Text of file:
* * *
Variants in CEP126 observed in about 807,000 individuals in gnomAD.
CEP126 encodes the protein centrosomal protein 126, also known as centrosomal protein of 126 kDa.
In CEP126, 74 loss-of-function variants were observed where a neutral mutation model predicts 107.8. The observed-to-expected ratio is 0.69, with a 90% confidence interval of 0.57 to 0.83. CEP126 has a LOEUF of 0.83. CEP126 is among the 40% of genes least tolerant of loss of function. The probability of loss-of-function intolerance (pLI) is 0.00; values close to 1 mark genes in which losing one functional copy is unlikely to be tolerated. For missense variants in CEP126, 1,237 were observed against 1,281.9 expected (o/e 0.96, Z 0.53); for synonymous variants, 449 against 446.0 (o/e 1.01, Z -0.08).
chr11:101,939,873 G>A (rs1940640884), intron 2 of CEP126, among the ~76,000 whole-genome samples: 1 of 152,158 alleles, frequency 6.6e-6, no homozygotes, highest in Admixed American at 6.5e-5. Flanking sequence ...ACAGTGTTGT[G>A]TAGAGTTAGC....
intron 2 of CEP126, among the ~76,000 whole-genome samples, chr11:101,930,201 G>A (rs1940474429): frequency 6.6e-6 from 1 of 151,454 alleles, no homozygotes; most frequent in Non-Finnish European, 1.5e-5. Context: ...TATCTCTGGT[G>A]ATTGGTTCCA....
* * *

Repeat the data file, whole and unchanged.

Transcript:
Variants in CEP126 observed in about 807,000 individuals in gnomAD.
CEP126 encodes the protein centrosomal protein 126, also known as centrosomal protein of 126 kDa.
In CEP126, 74 loss-of-function variants were observed where a neutral mutation model predicts 107.8. The observed-to-expected ratio is 0.69, with a 90% confidence interval of 0.57 to 0.83. CEP126 has a LOEUF of 0.83. CEP126 is among the 40% of genes least tolerant of loss of function. The probability of loss-of-function intolerance (pLI) is 0.00; values close to 1 mark genes in which losing one functional copy is unlikely to be tolerated. For missense variants in CEP126, 1,237 were observed against 1,281.9 expected (o/e 0.96, Z 0.53); for synonymous variants, 449 against 446.0 (o/e 1.01, Z -0.08).
chr11:101,939,873 G>A (rs1940640884), intron 2 of CEP126, among the ~76,000 whole-genome samples: 1 of 152,158 alleles, frequency 6.6e-6, no homozygotes, highest in Admixed American at 6.5e-5. Flanking sequence ...ACAGTGTTGT[G>A]TAGAGTTAGC....
intron 2 of CEP126, among the ~76,000 whole-genome samples, chr11:101,930,201 G>A (rs1940474429): frequency 6.6e-6 from 1 of 151,454 alleles, no homozygotes; most frequent in Non-Finnish European, 1.5e-5. Context: ...TATCTCTGGT[G>A]ATTGGTTCCA....